By Oliver Trust
BERLIN, Oct. 26 (Xinhua) -- Every now and then, gigantic curtains appear around the pitches at Bayern Munich's training ground to keep away inquisitive viewers from the team's work.
With the view now blocked, it seems common sense that coach Hansi Flick is about to do some secret tactical training. But ahead of the Champions League away game against Locomotive Moscow, the 2020 treble winner's efforts go well beyond tactics.
Intense tutoring is taking place for the club's successful strikers. Looking at the flood of goals produced by forwards such as Robert Lewandowski, Serge Gnabry, Leroy Sane, and Thomas Mueller, it might appear surprising that extra lessons are needed.
Lewandowski set a new record by scoring ten league goals in five games following the stunning 4-0 win against Atletico, one of Europe's leading sides.
Fans are puzzling over the question as to why a team should need additional help having scored 10 and 11 league goals more (22) than national rivals such as RB Leipzig (12) and Borussia Dortmund (11)?
It might be one of the reigning German champion's secrets to investigate all football parts to gain further improvements.
The name standing behind the unexpected effort is one of football's most famous. Nobody less than Germany's most successful national team striker Miroslav Klose is doing the job.
Today's best strikers' benefit from the colossal experience the 42-year-old gained in 137 internationals, which made him the World Cup's all-time leading scorer (16 goals).
After 71 goals for Germany, the Polish born center forward joined Bayern's training staff last summer coaching several of Bayern's youth teams.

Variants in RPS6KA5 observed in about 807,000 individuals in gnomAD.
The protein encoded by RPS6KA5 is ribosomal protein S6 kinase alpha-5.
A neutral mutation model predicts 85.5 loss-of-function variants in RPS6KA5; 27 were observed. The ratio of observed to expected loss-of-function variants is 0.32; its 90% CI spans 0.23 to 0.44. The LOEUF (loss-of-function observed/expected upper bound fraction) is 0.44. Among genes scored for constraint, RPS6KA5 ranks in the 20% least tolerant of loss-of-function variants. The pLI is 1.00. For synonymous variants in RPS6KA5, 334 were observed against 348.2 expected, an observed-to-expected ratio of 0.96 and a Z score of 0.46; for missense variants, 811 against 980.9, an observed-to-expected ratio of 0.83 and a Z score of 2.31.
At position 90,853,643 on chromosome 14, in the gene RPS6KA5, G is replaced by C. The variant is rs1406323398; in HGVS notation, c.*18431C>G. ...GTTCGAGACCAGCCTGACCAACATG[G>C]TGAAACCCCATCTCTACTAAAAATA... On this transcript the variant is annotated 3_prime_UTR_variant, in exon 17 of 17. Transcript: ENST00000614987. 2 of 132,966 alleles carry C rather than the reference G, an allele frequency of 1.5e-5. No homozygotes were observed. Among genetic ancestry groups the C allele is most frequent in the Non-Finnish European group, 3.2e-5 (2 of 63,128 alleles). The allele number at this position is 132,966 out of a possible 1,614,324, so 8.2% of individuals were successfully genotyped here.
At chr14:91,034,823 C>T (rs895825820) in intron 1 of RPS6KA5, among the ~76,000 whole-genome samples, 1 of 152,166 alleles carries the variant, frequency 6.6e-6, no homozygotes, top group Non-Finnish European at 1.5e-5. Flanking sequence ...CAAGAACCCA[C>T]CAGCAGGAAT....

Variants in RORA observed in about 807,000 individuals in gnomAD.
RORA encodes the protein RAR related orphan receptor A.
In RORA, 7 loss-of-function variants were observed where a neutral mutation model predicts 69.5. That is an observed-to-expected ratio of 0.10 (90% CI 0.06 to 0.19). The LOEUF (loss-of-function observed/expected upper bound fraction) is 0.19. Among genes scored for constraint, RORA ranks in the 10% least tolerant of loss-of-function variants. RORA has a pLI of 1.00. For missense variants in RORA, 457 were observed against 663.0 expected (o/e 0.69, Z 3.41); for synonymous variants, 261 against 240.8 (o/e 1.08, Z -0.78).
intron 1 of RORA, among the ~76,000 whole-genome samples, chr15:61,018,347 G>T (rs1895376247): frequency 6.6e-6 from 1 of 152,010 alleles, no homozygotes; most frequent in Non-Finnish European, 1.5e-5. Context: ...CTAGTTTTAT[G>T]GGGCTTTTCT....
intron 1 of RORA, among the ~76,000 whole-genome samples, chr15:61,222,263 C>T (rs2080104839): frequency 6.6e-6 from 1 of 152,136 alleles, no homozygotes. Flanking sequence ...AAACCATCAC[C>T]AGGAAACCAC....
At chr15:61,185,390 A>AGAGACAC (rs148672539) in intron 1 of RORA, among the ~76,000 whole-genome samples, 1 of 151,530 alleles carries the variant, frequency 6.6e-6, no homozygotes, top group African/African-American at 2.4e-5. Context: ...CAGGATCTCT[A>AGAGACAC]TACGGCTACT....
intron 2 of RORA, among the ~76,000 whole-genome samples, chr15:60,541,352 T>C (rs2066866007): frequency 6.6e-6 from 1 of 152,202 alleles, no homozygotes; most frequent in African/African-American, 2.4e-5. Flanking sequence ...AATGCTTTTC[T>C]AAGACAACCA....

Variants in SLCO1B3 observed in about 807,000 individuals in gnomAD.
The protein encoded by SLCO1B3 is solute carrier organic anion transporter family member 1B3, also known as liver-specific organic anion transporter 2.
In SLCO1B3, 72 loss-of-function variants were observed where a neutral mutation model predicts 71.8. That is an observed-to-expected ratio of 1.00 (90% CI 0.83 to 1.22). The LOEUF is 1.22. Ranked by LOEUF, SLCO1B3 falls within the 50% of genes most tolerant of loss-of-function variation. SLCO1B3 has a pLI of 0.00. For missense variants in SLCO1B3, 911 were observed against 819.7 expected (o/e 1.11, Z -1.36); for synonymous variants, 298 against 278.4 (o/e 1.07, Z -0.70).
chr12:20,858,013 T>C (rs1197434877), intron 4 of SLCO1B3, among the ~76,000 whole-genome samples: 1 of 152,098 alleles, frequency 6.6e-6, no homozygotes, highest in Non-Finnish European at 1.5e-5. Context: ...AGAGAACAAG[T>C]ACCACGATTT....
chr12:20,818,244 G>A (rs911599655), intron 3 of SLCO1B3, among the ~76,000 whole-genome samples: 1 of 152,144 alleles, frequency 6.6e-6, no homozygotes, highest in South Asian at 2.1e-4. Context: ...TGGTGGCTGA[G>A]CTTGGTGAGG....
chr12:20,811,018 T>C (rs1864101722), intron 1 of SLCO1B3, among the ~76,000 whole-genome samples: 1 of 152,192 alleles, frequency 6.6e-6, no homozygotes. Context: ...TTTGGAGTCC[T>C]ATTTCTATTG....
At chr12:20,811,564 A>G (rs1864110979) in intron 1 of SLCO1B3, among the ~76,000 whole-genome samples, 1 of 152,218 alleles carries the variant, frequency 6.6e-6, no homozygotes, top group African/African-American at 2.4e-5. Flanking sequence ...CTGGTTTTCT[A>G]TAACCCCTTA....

Klose was Flick's choice, showing that the head coach doesn't spare any effort to make a well-oiled machine even better.
Lewandowski is not the only one taking the opportunity to ask Klose for additional advice and attend special training. Recently, Sane is said to have knocked at Klose's door to ask for more instruction.
The former Citizen's star afterward delivered a stunning comeback after a short injury break by scoring the fourth goal in the Bavarians thrashing of league rival Frankfurt 5-0 last weekend.
Based on his fabulous career, Klose has developed to one of the football's leading schoolmasters for strikers. Raised by sports-mad parents near Kaiserslautern, he grew the ambition to not only score but investigate all the secrets of striker training.
Klose's comments meanwhile go beyond his task for Bayern. Regarding Dortmund's young striker star Erling Haaland, the former international recommended changing Norwegian's pattern to only wait for sharp vertical passes.
Haaland should consider adopting the qualities of a player counting on combination football to widen his range and proceed on his way to world-class.
Lewandowski has been through similar education and development. "It might sound somewhat surprising, but Lewa has reached a new level; he is even better than over the last years," Bayern defender and 2014 World Champion Jerome Boateng said.
"It has always been my intention to get an insight into the ways of football and strikers in particular," Klose concluded.